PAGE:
Search National Agricultural Library Digital Collections
Back to Search
NALDC Record Details:
Transfer of tylosin resistance between Enterococcus spp. during continuous-flow culture of feral or domestic porcine gut microbes
Download [PDF File]
Mixed populations of domesticated and feral pig gut microorganisms (Recombined Porcine-Derived Continuous Flow culture; RPCF and Feral Culture; FC, respectively) were grown in continuous culture to investigate the effects of tylosin on antimicrobial resistance. Cultures established in steady state were inoculated with 9.7 log10 colony forming units (CFU) of a tylosin-resistant Enterococcus faecium and allowed 7 days to re-establish equilibrium before administration of 100 μg tylosin mL-1. Total culturable anaerobes recovered on non-antibiotic supplemented medium, thus inclusive of tylosin-sensitive and -insensitive bacteria, ranged from 7.15 to 9.20 log10 CFU mL-1 throughout 8 days of tylosin administration and 6 subsequent days without tylosin administration. Recovery of total anaerobes on tylosin-supplemented medium revealed that populations of total tylosin-insensitive anaerobes ranged from 6.30 to 9.02 log10 CFU mL-1 during the experiment. Concentrations of the introduced tylosin-resistant E. faecium decreased to near minimum detectable levels (1.3 log10 CFU mL-1) in the cultures before initiation of tylosin administration and then increased to 6.80 ± 0.28 and 8.30 ± 0.43 log10 CFU mL-1 in RPCF and FC cultures, respectively, and remained higher than day 0 concentrations for the remainder of the experiment. Endogenous tylosininsensitive Enterococcus were undetectable before administration of tylosin but tylosin-resistant E. faecalis and E. hirea found to have acquired an ermB gene of expected size and sequence of that contained in the introduced E. faecium were enriched to 7.74 ± 0.37 and 3.85 ± 4.03 after initiation of tylosin administration. These results demonstrate the acquisition, propagation and persistence of tylosin-resistance in mixed populations of domestic and feral swine gut microflora.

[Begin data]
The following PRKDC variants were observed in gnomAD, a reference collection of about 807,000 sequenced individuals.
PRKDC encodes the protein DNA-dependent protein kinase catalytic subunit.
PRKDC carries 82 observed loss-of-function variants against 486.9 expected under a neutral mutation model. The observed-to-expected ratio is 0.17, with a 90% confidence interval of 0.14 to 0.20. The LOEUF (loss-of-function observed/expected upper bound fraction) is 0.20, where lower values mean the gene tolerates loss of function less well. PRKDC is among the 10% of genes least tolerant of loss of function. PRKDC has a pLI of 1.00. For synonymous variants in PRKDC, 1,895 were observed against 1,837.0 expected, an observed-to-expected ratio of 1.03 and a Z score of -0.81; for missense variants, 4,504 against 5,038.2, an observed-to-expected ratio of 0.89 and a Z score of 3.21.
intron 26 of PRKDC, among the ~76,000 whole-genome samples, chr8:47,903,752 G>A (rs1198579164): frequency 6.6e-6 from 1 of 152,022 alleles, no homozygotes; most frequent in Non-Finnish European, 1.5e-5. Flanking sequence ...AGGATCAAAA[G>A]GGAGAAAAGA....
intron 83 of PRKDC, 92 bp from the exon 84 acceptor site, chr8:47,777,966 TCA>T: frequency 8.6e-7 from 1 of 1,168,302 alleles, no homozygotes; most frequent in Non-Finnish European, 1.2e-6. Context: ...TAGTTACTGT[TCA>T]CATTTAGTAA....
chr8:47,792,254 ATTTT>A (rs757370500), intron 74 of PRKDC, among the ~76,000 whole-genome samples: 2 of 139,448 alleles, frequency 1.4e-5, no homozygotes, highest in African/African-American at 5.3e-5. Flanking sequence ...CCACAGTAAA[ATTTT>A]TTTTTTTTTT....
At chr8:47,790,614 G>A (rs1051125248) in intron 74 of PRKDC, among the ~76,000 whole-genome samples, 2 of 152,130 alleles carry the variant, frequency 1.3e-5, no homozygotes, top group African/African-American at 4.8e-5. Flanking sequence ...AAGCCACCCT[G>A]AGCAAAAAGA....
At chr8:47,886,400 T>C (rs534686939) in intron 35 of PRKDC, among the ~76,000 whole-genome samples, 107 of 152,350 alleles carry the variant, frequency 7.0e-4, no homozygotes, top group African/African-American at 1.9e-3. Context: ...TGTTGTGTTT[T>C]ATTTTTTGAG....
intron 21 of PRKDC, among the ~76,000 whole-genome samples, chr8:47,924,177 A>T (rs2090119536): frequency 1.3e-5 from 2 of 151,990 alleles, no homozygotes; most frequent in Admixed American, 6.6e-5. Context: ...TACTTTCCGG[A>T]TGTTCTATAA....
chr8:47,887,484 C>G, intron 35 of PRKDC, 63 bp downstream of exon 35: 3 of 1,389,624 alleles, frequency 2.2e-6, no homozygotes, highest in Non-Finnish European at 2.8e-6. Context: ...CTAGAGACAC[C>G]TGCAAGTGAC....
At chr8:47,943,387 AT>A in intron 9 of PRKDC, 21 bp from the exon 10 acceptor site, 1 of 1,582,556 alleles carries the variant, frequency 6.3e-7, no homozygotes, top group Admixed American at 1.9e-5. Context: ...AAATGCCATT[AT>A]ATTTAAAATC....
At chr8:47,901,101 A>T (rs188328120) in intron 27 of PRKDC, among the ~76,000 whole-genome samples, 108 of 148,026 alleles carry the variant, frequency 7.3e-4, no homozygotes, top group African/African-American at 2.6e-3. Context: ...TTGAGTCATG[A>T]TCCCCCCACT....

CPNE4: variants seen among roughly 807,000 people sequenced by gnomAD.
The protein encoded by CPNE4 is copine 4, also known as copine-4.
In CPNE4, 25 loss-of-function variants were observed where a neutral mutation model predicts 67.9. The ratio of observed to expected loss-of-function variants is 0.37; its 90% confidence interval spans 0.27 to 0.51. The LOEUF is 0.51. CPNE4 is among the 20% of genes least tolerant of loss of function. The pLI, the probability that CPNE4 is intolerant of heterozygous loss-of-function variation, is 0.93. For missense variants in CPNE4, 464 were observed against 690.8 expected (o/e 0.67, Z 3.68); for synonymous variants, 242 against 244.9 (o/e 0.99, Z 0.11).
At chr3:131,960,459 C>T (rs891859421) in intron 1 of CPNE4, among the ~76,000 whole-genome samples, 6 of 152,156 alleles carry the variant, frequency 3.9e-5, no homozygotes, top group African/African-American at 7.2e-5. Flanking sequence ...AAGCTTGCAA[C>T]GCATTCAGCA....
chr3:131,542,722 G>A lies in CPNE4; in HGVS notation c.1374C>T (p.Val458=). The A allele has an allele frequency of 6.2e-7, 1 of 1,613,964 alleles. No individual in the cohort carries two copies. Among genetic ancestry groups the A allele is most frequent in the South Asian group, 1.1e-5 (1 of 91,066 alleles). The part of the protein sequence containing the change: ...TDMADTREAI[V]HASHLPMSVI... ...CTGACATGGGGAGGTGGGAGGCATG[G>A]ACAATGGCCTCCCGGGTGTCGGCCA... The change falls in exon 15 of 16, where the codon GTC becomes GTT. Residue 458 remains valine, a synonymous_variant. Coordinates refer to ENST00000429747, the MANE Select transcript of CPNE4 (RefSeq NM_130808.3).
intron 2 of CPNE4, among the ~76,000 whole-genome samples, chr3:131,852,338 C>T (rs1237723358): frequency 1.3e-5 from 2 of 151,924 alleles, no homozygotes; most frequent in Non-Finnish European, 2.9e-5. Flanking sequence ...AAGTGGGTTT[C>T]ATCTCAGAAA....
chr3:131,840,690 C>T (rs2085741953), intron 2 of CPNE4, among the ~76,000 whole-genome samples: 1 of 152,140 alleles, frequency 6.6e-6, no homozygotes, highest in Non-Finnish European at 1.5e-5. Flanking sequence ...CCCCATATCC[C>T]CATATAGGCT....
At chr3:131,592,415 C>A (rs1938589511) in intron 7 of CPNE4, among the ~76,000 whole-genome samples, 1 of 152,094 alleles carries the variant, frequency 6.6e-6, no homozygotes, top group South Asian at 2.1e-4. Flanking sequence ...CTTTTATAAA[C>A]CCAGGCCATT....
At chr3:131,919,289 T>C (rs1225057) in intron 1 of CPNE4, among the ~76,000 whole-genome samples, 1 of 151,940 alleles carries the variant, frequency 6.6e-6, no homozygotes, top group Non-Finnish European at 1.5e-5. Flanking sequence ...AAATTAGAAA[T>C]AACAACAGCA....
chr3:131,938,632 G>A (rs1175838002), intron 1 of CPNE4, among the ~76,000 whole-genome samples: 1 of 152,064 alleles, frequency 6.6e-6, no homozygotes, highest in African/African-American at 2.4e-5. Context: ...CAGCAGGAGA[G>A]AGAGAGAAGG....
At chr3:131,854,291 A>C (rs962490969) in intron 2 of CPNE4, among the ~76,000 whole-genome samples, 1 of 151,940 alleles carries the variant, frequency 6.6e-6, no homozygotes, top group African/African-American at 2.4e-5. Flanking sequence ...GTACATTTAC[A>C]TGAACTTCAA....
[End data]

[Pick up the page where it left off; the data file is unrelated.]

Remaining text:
R. C. Anderson
D. J. Nisbet
Agriculture 2012 v.2 no.2
Journal Articles, USDA Authors, Peer-Reviewed
Works produced by employees of the U.S. Government as part of their official duties are not copyrighted within the U.S. The content of this document is not copyrighted.
Agricultural Research Service
Web Policies and Important Links